Film Review: Green Room at Cinecity Film Festival, Dukes @ Komedia, 20/11/15

In this early preview as part of Brighton’s Cinecity film festival, Green Room is a film written and directed by Jeremy Saulnier who directed last year’s brilliant Blue Ruin.

Punk band The Ain’t Rights live their lives on the road going from gig to gig. After their latest unsuccessful gig gives them barely enough petrol money to get home, they take a matinee gig for skinheads. After surveying the crowd of skinheads and bikers in front of them they unwisely open with an anti Nazi song; an energetic cover of The Dead Kennedy’s Nazi Punks Fuck Off. Aside from a few drinks and spit hurled at them they finish their set intact and actually get paid a decent amount for the gig.

As they are leaving guitarist Pat (Anton Yelchin) goes back to the green room to pick up something. Upon entering he sees something he shouldn’t have and is herded back to the green room with the rest of the band, supposedly for their own safety.

Being the most timid member of the band, we the audience see events unfold through his eyes. It’s quite an understated performance by Yelchin, with a lot of other actors having more showy roles to play. It’s quite clever by him though, as in this role he is able to do a lot of non-verbal acting, particularly with his eyes.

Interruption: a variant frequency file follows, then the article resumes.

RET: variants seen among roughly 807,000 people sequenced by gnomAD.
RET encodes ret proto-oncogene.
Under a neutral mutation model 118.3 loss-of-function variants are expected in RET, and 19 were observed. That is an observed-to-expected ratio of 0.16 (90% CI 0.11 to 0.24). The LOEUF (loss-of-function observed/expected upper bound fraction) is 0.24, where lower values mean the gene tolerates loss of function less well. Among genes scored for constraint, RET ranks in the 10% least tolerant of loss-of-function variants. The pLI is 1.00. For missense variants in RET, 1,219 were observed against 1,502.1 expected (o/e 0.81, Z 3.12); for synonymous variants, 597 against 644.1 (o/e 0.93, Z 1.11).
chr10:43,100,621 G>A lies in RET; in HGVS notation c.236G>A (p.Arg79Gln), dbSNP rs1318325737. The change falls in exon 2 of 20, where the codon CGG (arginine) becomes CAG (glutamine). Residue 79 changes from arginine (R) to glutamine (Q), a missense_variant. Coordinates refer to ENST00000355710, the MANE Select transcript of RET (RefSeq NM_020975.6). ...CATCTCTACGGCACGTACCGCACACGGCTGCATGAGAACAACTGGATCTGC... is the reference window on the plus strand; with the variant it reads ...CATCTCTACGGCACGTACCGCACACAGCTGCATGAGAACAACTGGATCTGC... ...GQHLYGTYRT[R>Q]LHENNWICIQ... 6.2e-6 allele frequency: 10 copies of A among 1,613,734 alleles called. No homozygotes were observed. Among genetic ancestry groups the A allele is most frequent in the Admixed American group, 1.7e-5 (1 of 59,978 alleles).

A large portion of the film takes place in said room, which makes for fantastically claustrophobic, tense viewing. This is when the film really comes into its own and draws on classic siege films such as Dawn of the Dead and Assault on Precinct 13.

It is here that the venue owner Darcy (Patrick Stewart) arrives to take control of the situation. Unlike Professor X or Captain Pickard there is a ruthlessness and dark side to his character, who makes the scenes that he is in very un-nerving. It was quite refreshing seeing Steward portray this nastier style of character as opposed to the more noble and clean cut character that we are used to seeing from him.

The punk rock soundtrack is used to great effect as the aggregation and energy of the music matches the pace and intensity of the film perfectly. As the film is set in and around the rock club it means it is dimly lit with artificial light, which corresponds with the dark undertones surrounding the characters the band encounter.

As with Saulnier’s previous film Blue Ruin, Green Room has a real layer of darkness and menace to it. For all intents and purposes this is a pretty gory thriller, which is no bad thing; however there was some real laugh out loud moments of pitch black comedy thrown in for good measure. These elements of pitch black comedy along with the standout performances by Stewart and Yelchin do help to elevate this film into quite an original offering.

Green Room will be on general release in the UK in spring 2016.

By Simon England

The Verse Staff

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